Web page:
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A Quick Review Over Leukemia


What is leukemia?

Leukemia is a cancer of the blood-forming tissues, like the lymphatic system and the bone marrow. There are several broad categories of blood cells, including white blood cells (WBCs), platelets and red blood cells (RBCs). Mostly, leukemia refers to cancers of the WBCs. It is characterized by a large rise in the numbers of white blood cells in the circulation or bone marrow. In patients with leukemia, an excessive amount of abnormal white blood cells, don’t function properly. Leukemia is accounted for 2.5% of overall cancer incidence and 3.5% of deaths from cancer in the U.S.

How does it form

In general, leukemia is thought to occur when some blood cells acquire changes (mutations) in their genetic material or DNA. When this happens, blood cell production becomes out of control, because the mutations tell the blood cells to continue growing and dividing. Over time, these abnormal cells can affect healthy blood cells in the bone marrow, leading to fewer healthy white blood cells, red blood cells and platelets, causing the signs and symptoms of leukemia.

Types of leukemia

Leukemia has four main types. It is subtyped by two ways, first it is according to how quickly has it started and the next one is about which type of cells are affected. It can be started by a sudden onset (Acute leukemia) or a slow onset (Chronic leukemia). In acute type, cancer cells multiply quickly and in chronic type, the disease progresses slowly and early symptoms may be very mild. According to type of cells which are affected, we have myeloid or myelogenous leukemia and lymphocytic leukemia. Myelogenous leukemia refers to abnormal cell growth in the marrow cells that mature into red blood cells, white blood cells, and platelets. In Lymphocytic leukemia, abnormal cell growth occurs in the marrow cells that become lymphocytes, a type of white blood cell that plays a role in the immune system.

There are four main classifications of leukemia:

  • Acute myelogenous leukemia (AML)
  • Acute lymphocytic leukemia (ALL)
  • Chronic myelogenous leukemia (CML)
  • Chronic lymphocytic leukemia (CLL)

The most common types in children are ALL and AML, and the most common types in adult are AML and CLL.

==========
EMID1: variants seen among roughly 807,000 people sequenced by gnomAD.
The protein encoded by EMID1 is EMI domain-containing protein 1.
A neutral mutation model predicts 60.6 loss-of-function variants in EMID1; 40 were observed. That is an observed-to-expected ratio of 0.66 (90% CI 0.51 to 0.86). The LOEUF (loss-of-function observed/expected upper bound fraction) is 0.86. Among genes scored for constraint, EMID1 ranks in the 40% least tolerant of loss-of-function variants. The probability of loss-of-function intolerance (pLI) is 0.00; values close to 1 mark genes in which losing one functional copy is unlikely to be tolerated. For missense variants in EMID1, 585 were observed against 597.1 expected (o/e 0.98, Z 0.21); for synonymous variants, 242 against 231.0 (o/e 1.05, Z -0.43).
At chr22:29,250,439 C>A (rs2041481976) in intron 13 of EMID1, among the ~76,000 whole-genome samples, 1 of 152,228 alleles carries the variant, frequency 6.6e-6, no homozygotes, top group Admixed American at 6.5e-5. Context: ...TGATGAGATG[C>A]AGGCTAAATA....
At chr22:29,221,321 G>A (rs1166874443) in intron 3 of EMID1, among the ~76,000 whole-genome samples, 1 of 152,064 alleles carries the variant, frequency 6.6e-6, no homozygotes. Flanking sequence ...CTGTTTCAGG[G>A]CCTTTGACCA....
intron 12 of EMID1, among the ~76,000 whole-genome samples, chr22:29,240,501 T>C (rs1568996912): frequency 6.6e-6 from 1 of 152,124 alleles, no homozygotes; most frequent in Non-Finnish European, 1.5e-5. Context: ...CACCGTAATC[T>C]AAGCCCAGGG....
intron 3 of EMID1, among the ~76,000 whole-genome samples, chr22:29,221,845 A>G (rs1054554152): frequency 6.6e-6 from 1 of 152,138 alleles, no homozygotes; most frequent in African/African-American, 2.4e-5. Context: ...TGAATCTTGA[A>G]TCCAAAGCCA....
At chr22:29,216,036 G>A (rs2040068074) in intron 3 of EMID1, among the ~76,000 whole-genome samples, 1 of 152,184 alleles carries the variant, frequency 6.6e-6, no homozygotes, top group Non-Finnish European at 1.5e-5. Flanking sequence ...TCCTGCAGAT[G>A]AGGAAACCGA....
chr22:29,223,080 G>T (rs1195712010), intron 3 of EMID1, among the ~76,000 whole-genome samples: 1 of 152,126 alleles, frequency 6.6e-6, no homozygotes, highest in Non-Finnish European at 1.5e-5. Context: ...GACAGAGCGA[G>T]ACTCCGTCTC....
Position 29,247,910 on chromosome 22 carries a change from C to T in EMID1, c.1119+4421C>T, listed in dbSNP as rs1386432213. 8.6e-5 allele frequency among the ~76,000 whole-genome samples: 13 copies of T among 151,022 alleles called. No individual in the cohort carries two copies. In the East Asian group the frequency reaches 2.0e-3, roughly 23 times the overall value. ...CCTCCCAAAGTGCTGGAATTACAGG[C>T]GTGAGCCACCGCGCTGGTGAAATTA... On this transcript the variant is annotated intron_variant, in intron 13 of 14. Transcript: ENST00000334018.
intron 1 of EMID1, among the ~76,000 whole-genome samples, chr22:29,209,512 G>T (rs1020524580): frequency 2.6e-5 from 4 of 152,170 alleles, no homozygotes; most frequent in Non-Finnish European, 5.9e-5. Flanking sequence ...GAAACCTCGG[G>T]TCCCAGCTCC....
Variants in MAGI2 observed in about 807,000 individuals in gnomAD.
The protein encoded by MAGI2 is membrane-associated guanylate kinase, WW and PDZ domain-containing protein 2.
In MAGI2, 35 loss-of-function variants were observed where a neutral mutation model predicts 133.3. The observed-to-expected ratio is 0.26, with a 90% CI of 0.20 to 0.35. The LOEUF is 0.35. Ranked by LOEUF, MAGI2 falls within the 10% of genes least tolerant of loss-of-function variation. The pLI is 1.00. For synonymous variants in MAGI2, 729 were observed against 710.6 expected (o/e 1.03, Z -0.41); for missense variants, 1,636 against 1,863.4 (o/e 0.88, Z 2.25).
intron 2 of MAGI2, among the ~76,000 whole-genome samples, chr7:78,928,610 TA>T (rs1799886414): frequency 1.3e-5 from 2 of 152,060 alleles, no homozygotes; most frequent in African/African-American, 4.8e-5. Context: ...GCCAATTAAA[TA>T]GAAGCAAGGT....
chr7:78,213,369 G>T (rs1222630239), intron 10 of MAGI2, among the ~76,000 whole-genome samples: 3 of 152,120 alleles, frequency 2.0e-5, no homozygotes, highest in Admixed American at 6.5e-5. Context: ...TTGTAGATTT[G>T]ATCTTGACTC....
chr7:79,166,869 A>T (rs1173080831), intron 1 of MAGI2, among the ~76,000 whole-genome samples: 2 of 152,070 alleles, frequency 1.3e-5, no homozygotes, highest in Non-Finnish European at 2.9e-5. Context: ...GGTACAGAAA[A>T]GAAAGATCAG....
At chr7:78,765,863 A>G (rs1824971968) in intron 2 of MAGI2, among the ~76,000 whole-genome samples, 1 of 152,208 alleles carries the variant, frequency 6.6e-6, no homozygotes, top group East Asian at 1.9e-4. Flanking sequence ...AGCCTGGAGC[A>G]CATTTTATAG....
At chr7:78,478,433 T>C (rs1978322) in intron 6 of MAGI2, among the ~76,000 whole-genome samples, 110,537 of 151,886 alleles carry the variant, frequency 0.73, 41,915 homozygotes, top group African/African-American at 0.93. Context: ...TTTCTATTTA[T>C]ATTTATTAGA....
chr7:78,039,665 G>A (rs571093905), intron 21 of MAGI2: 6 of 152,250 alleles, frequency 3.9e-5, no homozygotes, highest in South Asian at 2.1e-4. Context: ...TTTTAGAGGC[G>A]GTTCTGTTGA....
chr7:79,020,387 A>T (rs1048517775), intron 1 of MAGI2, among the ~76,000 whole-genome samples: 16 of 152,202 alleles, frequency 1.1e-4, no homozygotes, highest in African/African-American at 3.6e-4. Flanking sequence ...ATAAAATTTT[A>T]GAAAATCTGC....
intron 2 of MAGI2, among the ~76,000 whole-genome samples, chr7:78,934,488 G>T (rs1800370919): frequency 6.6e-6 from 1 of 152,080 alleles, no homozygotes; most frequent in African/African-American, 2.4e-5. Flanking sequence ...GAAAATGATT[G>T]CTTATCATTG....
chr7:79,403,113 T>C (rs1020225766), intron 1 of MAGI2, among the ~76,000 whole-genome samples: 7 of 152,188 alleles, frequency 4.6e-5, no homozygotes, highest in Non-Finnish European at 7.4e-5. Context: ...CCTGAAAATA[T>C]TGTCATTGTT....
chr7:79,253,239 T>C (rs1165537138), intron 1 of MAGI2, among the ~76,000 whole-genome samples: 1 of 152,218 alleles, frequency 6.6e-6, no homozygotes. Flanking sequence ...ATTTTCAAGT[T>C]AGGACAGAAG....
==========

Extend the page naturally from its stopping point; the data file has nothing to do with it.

Acute myeloid leukemia (AML)

According to the National Cancer Institute (NCI), about 20,000 new AML cases are diagnosed each year in the U.S. This is the second most common type in children and one of the most common types in adults. The 5-year survival rate for AML is about 29.5%.

Acute lymphocytic leukemia (ALL)

According to the National Cancer Institute (NCI), about 6,000 new ALL cases are diagnosed annually. This is the most common type in children. In ALL, cancer can spread to your central nervous system and lymph nodes. Acute lymphocytic leukemia (ALL) is mostly seeing among children. The 5-year survival rate for ALL is about 69.9%.

Chronic myeloid leukemia (CML)

According to the National Cancer Institute (NCI), about 9,000 new cases of CML are diagnosed annually. With this type, you might not be diagnosed until you have a routine blood test and you might not have noticeable symptoms. Mostly CML is seeing among adult. People aged 65 and above have a higher risk of this type. The 5-year survival rate for CML is about 70.6%.

Chronic lymphocytic leukemia (CLL)

According to the National Cancer Institute (NCI), about 21,000 new CLL cases are diagnosed annually. This is the other most common type in adult. Some types of CLL will be stable for years and won’t need treatment. But with others, body isn’t able to create normal blood cells, and patient will need treatment. CLL is most likely to affect people aged 55 and above, it’s very rarely seen in children. The 5-year survival rate for CLL is about 87.2%.


  Prevalence of incidence Child or adult type 5-year survival rate
AML 20,000 Both



6,000 Children



9,000 Adult



21,000 Adult


And Hairy cell leukemia is a very rare subtype of CLL. Its name is because of the appearance of the cancerous lymphocytes under a microscope.


Leukemia should be staged once when it is diagnosed. Based on cancer staging, treatment team can find out how much cancer has progressed and spread and also determine patients outlook. AML and ALL can be staged based on cancer cell appearance under a microscope and the type of involved cells. And based on WBC count at the time of diagnosing, ALL and CLL can be staged. AML and CML are staged based on the presence of immature white blood cells or myeloblasts in the blood and bone marrow.

Assessing the progression

Determining the cancer progression can be done by some other tests:

  • Determining cancer growth rate by examining of the DNA of the cancer cells with flow cytometry
  • Determining whether cancer cells are affecting the liver or not by liver function tests.
  • Determining whether cancer has spread to the central nervous system or not by lumbar puncture test.
  • Determining any damage to other organs by imaging tests, such as X-rays, ultrasounds, and CT scans

Treatment options


Based on the type and stage of the cancer, and also patients overall health and other medical condition, the treatment team can choose the best among treatment options. Although some types grow slowly and do not need immediate treatment. However treatment usually is one or more of following: Radiation therapy, Stem cell transplantation, Biological or immune therapy and Targeted therapy which are now new class of interest for cancer due to the advantages efficacy, selectivity and safety by acting on specific targets involved in proliferation and differentiation of cancer cells with minimal activity on normal cells compared with traditional oncologic ones.

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